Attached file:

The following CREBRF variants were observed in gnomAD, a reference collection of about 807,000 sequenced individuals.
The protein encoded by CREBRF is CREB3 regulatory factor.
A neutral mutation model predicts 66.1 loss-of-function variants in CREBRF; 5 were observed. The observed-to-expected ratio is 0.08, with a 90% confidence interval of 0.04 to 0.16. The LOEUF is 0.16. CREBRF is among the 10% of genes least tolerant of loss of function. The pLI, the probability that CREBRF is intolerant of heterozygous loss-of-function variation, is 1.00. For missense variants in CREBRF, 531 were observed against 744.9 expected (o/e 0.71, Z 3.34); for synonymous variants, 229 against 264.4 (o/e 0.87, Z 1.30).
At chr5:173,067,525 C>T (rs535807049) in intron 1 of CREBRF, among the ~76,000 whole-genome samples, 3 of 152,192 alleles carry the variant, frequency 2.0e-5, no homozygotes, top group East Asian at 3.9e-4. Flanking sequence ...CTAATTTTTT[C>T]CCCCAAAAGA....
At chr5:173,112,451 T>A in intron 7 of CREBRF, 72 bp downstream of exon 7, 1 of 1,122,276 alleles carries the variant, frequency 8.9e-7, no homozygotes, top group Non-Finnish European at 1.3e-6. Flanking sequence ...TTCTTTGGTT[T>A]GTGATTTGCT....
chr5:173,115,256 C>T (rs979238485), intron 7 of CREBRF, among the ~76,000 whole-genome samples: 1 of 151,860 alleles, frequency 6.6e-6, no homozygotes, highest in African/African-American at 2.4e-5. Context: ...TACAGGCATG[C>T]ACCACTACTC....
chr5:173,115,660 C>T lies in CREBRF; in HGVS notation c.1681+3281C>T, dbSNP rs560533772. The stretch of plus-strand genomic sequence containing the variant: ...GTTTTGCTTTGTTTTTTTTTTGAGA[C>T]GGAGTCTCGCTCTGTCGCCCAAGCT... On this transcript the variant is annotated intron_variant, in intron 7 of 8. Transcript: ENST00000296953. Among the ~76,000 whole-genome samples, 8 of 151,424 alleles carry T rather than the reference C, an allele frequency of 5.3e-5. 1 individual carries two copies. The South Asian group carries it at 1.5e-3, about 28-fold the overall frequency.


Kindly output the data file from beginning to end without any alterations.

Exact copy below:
The following CREBRF variants were observed in gnomAD, a reference collection of about 807,000 sequenced individuals.
The protein encoded by CREBRF is CREB3 regulatory factor.
A neutral mutation model predicts 66.1 loss-of-function variants in CREBRF; 5 were observed. The observed-to-expected ratio is 0.08, with a 90% confidence interval of 0.04 to 0.16. The LOEUF is 0.16. CREBRF is among the 10% of genes least tolerant of loss of function. The pLI, the probability that CREBRF is intolerant of heterozygous loss-of-function variation, is 1.00. For missense variants in CREBRF, 531 were observed against 744.9 expected (o/e 0.71, Z 3.34); for synonymous variants, 229 against 264.4 (o/e 0.87, Z 1.30).
At chr5:173,067,525 C>T (rs535807049) in intron 1 of CREBRF, among the ~76,000 whole-genome samples, 3 of 152,192 alleles carry the variant, frequency 2.0e-5, no homozygotes, top group East Asian at 3.9e-4. Flanking sequence ...CTAATTTTTT[C>T]CCCCAAAAGA....
At chr5:173,112,451 T>A in intron 7 of CREBRF, 72 bp downstream of exon 7, 1 of 1,122,276 alleles carries the variant, frequency 8.9e-7, no homozygotes, top group Non-Finnish European at 1.3e-6. Flanking sequence ...TTCTTTGGTT[T>A]GTGATTTGCT....
chr5:173,115,256 C>T (rs979238485), intron 7 of CREBRF, among the ~76,000 whole-genome samples: 1 of 151,860 alleles, frequency 6.6e-6, no homozygotes, highest in African/African-American at 2.4e-5. Context: ...TACAGGCATG[C>T]ACCACTACTC....
chr5:173,115,660 C>T lies in CREBRF; in HGVS notation c.1681+3281C>T, dbSNP rs560533772. The stretch of plus-strand genomic sequence containing the variant: ...GTTTTGCTTTGTTTTTTTTTTGAGA[C>T]GGAGTCTCGCTCTGTCGCCCAAGCT... On this transcript the variant is annotated intron_variant, in intron 7 of 8. Transcript: ENST00000296953. Among the ~76,000 whole-genome samples, 8 of 151,424 alleles carry T rather than the reference C, an allele frequency of 5.3e-5. 1 individual carries two copies. The South Asian group carries it at 1.5e-3, about 28-fold the overall frequency.